Dickey, who suffered a partial tear of the plantar fascia in his right foot in Chicago on Thursday, is confident he can pitch through the pain when his turn comes up Tuesday against Pittsburgh.

  • Ike Davis took batting practice on the field in Port St. Lucie, Fla., but still is not running. Collins has no timetable on when that will be.
"I'll be more encouraged when I hear he starts running. I don't care if it's sideways," Collins said. "He hasn't run yet. Until they tell me he can run 90 feet straight, then I can start to look encouraged about what's the next step."



Worth noting
  • Phillies starters entered Saturday's game with 313 strikeouts and six complete games to lead the big leagues.
  • Cole Hamels' 10 strikeouts in Saturday's game marked a season high.
  • The Mets are 9-6 in their last 15 games at Citi Field, and overall are 10-14 at home.

Saturday, May 28, 2011

Pelfrey, 'pen falter late in loss to Phillies

Citi Field- For the second straight start, Mike Pelfrey waited until the very end of his outing to see a Mets lead disappear. This time, he had help from the bullpen.


Pelfrey, who started an eight-run inning against the Yankees on Sunday, combined with three relievers to squander an eighth-inning lead in a 5-2 loss to the Phillies on Saturday night.

The Mets, who touched up Cole Hamels for six runs in Philadelphia on April 5, scored only two against the Phillies left-hander Saturday. After Jason Bay knocked in Jose Reyes as the Mets' second run, Hamels retired 13 of the final 14 batters to face him, including the last 11. The lefty finished with 10 strikeouts and no walks.

Pelfrey, who had allowed 11 runs in 6 1/3 innings in two previous starts against the Phillies, fared much better Saturday. He allowed a run in the fourth on doubles by Chase Utley and Raul Ibanez, but had escaped otherwise unscathed when he exited the game after allowing a single to Jimmy Rollins on his 116th pitch.

Then lefty Mike O'Connor and the Mets' bullpen faltered. O'Connor allowed Rollins to steal second and score on a game-tying single by Utley. Jason Isringhausen then entered the game and walked Placido Polanco before being relieved by another lefty, Tim Byrdak, who served up the decisive two-out double to Ryan Howard.

Early on, the Mets looked as if they would run their way to victory. Reyes stole two of the Mets' season-high five bases and scored both of their runs. Rollins has scored five times in the first two games of the series, which ends Sunday afternoon.

In the bottom of the first, Reyes doubled and stole third before scoring on a single by Justin Turner. In the third, Reyes singled, stole second and moved to third on a fly ball before scoring on an RBI single by Jason Bay.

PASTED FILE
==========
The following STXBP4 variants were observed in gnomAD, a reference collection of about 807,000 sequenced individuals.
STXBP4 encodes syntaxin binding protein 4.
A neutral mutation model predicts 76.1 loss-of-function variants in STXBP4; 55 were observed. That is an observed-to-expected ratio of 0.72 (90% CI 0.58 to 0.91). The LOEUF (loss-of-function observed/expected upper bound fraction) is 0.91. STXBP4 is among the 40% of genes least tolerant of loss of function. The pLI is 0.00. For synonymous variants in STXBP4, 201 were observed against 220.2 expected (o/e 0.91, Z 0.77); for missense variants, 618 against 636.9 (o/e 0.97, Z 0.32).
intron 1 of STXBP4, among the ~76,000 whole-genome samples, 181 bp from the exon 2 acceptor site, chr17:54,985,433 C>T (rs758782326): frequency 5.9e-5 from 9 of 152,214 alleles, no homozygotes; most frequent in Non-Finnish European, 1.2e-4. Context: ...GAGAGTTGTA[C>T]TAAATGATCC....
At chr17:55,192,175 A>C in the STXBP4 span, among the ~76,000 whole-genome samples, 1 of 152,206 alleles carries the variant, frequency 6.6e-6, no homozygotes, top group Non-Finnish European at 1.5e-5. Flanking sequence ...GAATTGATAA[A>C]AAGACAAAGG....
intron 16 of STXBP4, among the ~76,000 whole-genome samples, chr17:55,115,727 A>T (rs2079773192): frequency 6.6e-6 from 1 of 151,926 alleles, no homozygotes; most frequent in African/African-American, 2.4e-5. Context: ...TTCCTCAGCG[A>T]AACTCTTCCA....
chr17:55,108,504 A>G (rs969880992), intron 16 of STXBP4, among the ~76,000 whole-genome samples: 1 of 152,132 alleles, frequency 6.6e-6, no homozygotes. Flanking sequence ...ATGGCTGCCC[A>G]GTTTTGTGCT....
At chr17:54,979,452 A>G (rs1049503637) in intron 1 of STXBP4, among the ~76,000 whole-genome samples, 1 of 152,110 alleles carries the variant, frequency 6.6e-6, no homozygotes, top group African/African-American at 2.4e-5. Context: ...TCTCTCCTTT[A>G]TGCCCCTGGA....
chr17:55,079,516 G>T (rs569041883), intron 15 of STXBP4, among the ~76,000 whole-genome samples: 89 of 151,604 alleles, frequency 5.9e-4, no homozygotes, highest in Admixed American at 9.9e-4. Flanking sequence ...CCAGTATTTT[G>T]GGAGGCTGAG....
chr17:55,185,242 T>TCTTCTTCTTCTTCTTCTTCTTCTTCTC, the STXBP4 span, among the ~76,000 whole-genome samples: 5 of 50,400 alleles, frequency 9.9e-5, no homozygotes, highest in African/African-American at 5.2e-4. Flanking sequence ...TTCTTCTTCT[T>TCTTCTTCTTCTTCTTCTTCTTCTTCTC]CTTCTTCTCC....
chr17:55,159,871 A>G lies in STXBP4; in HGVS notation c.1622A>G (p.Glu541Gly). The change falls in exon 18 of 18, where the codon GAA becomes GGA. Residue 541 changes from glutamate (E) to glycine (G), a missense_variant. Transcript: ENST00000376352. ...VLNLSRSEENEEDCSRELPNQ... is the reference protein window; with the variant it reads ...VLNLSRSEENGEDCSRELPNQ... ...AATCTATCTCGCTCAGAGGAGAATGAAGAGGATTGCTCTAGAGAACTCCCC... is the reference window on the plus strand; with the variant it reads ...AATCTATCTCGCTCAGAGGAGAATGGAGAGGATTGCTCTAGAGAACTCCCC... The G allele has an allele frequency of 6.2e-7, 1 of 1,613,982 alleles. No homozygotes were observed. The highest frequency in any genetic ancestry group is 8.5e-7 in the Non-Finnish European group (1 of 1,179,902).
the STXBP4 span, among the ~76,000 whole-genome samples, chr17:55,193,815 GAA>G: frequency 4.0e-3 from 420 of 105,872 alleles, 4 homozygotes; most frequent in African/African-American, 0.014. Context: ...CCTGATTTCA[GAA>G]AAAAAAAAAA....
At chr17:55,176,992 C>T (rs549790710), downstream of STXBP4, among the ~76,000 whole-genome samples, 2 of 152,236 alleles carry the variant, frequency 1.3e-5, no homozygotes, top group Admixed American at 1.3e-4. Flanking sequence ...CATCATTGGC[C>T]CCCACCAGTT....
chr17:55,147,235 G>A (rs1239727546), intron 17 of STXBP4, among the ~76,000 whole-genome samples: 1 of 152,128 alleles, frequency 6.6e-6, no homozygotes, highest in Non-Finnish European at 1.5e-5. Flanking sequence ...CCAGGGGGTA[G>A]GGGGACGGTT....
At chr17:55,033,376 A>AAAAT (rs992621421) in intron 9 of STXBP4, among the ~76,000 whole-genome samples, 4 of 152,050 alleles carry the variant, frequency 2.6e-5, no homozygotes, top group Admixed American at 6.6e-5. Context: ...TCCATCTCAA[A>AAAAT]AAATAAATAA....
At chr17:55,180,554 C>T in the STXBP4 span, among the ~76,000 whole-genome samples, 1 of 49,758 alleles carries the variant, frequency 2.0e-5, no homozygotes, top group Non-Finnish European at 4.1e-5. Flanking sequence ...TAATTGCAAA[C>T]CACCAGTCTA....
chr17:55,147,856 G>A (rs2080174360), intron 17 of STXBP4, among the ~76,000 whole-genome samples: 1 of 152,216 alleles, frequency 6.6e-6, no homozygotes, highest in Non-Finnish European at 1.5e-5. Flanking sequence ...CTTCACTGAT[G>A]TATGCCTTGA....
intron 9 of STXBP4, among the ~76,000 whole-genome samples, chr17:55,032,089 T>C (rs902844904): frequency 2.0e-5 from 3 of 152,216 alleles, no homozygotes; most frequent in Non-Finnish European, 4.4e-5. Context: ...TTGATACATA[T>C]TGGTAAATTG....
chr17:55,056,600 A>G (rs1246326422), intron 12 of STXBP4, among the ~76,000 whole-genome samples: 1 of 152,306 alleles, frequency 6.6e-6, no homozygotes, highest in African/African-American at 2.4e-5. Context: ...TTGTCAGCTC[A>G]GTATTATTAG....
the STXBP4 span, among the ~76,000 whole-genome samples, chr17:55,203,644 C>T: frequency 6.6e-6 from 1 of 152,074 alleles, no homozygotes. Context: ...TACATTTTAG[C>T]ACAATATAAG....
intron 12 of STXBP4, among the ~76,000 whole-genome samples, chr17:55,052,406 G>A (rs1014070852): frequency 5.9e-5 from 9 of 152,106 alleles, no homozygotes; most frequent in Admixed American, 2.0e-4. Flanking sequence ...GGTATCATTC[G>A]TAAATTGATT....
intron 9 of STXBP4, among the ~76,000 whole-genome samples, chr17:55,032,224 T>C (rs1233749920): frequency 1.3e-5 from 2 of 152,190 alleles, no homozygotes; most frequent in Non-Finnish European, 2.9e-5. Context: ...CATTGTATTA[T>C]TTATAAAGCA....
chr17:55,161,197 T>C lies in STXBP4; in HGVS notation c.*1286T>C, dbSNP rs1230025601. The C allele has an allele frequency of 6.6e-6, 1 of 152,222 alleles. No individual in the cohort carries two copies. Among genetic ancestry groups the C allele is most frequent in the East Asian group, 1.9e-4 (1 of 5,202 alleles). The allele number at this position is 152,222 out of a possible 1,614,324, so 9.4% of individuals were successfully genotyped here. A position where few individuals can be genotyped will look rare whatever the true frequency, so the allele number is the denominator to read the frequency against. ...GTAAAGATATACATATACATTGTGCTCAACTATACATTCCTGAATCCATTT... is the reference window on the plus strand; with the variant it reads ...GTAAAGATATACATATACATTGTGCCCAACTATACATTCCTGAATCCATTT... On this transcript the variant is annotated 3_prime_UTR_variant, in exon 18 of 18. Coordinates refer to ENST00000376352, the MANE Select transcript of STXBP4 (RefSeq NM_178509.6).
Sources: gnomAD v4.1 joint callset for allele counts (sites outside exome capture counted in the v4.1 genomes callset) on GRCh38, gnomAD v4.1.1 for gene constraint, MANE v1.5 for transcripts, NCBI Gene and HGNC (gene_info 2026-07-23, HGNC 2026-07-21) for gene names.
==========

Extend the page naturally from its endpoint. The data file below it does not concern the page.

The Mets now have eight steals in their two games against Hamels this season. In his nine other starts, Hamels has allowed only three stolen bases.

Weekday and Weeknight Service Advisories

All times until August 2011

Bronx-bound 1 trains skip Dyckman St.

All times thru June 2011
Manhattan-bound 1 trains skip 238 St.



10:30 AM to 3 PM, Wed to Fri, Jun 1 – 3

241 St-bound 2 trains run express from 3 Av-149 St to East 180 St.

This service change affects one or more ADA accessible stations. For help with planning your trip, please call 718-330-1234 from 6 AM to 10 PM. If you are deaf or hard of hearing, use the free 711 relay or your preferred relay service provider to contact us. For more information,  read station signs.




12:30 AM to 5 AM, Wed to Fri, Jun 1 – 3

No 3 trains running – Free shuttle buses and 2 trains provide alternate service.

Take free shuttle buses to/from 148 St, 145 St and 135 St.

Take the 2 for service to/from 3 stations between 135 St and Times Sq-42 St.





12:01 AM to 5 AM, Wed to Fri, Jun 1 – 3

Downtown 4 trains run express from 14 St-Union Sq to Brooklyn Bridge.

This service change affects one or more ADA accessible stations. For help with planning your trip, please call 718-330-1234 from 6 AM to 10 PM. If you are deaf or hard of hearing, use the free 711 relay or your preferred relay service provider to contact us. For more information, read station signs.




6 AM to 9 AM, Mon to Fri, until August 2011

Manhattan-bound AM Rush Hour 5 service operates at a reduced frequency between Nereid Av and East 180 St. Take the Manhattan-bound 2 and transfer to the Manhattan-bound 5 express at East 180 St.

10:30 AM to 3 PM, Wed to Fri, Jun 1 – 3
Dyre Av-bound 5 trains run express from 3 Av-149 St to East 180 St.